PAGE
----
In contrast, the monastic traditions of the ancient church traditions seem to have a stronger grasp of this. Adherents to these traditions are steeped in tactile, physically grounded practices like cultivating gardens, keeping bees, crafting soaps and candles, and tending to the poor and infirm. They may not be “in the world” or on the front lines of popular culture, but I suspect these more earthy rituals actually open their hearts and bodies—rather than just their minds—to a deeper and richer understanding of the way of Jesus than any seminary training could ever achieve. 

I once heard a wise and thoughtful man say, “Prayer is the work.” As I dig up potatoes and weed out thistles, I begin to understand this in a more mystical way. This whole business of farming and cultivating does feel awfully cursed most days, full of pain and opposition and harmful turns of fate. But at the same time I find God is with me and speaking to me in all of it. He is there in the ache of my back and the cooling drops of sweat on my skin, in the swing of the hoe and the feeling of dirt beneath my fingernails, in the harsh cawing of the crows flying overhead and the squealing of the pigs at the arrival of another bucket of greens. And—perhaps most beautifully—God is there in the face of my neighbor laboring beside me, with whom I will feast tonight on the satisfying fruits of our labor.

POEM: My Dim Contours of Repentance

I’m sorry it had to come to this

That it took George Floyd suffocating beneath a knee

And a legion of protests

Long reams of raw, angry, repentant Facebook posts

For me to start paying attention

I’m sorry it took so long for me to listen

To name that all lives can’t matter until black lives matter

I’m sorry I let politics and religion

Those evil, constructed lines of left and right

Blur the face of your pain and trauma

Blur the sight of your dignity shoved into the pavement

Cut off from air — pinned like an animal

While I went on my way and said nothing

Did nothing

I’m sorry I was content with the neutrality of empty negatives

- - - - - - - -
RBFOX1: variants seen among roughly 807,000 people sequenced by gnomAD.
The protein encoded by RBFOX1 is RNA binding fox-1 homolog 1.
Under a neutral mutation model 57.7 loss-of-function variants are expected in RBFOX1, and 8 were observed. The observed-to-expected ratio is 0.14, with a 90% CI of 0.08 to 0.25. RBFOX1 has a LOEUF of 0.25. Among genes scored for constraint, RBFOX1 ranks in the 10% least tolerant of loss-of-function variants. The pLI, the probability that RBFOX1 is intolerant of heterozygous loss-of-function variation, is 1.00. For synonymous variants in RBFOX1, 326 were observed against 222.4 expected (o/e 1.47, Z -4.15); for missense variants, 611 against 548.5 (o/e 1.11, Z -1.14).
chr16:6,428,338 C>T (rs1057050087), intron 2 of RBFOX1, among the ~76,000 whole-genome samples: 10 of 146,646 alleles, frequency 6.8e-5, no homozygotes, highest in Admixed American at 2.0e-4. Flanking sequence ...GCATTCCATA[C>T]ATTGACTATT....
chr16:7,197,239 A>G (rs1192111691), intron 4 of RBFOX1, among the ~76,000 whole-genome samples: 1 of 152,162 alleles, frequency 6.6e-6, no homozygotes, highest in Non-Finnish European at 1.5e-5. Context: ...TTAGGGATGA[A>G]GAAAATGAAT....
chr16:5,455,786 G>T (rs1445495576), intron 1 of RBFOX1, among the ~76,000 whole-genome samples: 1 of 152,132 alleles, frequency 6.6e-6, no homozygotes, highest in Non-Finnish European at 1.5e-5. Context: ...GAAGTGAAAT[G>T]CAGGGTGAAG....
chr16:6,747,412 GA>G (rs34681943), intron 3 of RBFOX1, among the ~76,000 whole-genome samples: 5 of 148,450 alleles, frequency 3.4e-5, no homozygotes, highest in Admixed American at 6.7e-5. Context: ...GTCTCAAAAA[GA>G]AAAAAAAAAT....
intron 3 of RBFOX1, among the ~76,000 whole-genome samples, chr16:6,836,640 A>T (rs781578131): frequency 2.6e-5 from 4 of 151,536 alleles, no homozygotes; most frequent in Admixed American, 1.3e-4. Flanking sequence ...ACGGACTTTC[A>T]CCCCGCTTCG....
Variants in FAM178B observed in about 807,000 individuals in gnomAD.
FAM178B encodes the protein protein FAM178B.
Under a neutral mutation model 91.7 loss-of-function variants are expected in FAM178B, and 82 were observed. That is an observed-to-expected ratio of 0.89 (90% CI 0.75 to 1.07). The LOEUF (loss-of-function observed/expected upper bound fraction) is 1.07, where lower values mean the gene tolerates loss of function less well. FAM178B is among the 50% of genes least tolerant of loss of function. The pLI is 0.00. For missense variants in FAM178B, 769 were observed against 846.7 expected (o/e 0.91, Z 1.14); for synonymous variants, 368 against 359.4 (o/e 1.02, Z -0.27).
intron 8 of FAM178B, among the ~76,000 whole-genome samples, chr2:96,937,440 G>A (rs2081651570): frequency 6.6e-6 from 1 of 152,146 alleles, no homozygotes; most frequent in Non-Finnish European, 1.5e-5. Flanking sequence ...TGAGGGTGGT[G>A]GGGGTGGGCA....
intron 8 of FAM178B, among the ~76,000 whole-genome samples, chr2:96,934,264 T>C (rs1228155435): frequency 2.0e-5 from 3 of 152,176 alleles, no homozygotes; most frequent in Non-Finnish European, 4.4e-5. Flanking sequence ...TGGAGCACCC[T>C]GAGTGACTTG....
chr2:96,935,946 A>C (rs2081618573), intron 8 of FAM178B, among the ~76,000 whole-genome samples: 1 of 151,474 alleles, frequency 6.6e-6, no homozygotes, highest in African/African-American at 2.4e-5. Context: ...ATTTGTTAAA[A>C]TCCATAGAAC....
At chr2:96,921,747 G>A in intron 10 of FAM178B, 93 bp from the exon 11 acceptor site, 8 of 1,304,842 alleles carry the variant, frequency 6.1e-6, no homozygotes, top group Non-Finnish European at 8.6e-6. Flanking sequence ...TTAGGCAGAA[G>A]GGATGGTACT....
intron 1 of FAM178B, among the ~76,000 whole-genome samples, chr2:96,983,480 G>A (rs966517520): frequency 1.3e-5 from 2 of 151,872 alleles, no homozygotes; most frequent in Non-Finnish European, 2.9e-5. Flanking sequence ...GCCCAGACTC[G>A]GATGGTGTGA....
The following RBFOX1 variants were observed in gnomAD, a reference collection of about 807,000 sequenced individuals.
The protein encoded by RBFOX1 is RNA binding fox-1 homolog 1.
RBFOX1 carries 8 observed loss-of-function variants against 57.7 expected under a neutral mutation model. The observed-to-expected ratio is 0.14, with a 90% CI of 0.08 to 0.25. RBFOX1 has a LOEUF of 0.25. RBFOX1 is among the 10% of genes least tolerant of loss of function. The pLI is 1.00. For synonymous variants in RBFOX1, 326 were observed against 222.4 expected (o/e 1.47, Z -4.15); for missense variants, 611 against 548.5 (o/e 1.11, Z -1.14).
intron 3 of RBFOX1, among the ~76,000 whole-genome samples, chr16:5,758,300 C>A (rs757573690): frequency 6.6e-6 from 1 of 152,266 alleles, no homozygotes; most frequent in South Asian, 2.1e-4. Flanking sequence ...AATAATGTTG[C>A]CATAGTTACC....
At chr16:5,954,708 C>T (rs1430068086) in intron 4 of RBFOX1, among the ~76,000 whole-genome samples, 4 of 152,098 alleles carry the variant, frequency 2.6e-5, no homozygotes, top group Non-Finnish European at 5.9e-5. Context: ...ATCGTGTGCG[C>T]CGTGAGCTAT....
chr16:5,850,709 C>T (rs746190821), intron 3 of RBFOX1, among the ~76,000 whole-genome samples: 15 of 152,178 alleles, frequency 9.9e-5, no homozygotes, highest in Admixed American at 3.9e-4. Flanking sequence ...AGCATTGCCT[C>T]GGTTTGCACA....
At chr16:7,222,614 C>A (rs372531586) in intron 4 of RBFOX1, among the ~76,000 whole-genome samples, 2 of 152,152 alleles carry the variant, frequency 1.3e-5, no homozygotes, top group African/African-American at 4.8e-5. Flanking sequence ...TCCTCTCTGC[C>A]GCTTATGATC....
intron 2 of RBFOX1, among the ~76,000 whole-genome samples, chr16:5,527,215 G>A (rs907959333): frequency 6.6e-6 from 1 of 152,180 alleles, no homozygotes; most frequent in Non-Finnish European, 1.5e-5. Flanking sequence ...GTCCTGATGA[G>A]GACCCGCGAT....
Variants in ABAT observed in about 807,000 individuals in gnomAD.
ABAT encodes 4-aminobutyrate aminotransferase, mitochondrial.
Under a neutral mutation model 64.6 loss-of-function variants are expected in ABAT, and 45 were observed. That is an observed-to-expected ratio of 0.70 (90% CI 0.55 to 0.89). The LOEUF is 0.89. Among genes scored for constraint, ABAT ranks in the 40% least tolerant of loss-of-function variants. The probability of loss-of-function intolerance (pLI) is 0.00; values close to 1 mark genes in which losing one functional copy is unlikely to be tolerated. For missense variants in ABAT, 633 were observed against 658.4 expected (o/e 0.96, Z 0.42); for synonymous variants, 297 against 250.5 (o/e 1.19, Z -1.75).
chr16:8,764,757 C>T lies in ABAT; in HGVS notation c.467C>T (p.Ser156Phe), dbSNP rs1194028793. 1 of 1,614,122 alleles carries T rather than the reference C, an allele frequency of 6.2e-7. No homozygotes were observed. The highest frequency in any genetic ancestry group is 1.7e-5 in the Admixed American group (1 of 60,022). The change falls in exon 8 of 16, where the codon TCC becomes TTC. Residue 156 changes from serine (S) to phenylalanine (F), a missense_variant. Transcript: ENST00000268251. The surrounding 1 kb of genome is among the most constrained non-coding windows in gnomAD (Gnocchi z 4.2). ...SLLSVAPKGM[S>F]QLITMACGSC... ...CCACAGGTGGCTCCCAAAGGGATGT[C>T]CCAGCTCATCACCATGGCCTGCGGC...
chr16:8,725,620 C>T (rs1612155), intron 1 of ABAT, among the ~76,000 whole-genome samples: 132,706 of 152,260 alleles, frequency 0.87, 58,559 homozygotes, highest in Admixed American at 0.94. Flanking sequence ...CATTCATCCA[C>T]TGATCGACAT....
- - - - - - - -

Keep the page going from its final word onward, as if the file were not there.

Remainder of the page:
Content to comfortably try to not be bad

To not be racist

While your bodies were ravaged

Just around the corner, where I was afraid to look

I’m sorry.


It never should have had to come to this

The hard birth of healing held up, stuck in the throat

For decades — centuries for Christ’s sake

Your wounds, your fears, your cry left to fester

Beneath my pride and fragility

It should not have come to this.


I will lean in and keep my ears open

If I speak, it is for mourning — for lament

If my heart whispers, it is to give a greater thanks than I can know

Thanks to Malcolm X for writing his autobiography

Thanks to Ta-Nehisi Coats for singing his sad, ferocious song

Thanks to my black American history teacher at Bakersfield College who showed us Amistad

Who told us about men who, when they couldn’t keep it in their pants

Went out to the slave quarters

To the makers of 12 Years a Slave and Selma

To brave saint Isaac for sitting in front of my church

Then in front of my microphone

To say what it felt like when Trayvon Martin was killed

Thanks to the black brother whose name I can no longer recall

Who told a majority white room full of Baptists

That racism was still real

To vulnerable and strong David who said on Facebook

That he would rise in violence if not for Jesus

Such courage, my God, such courage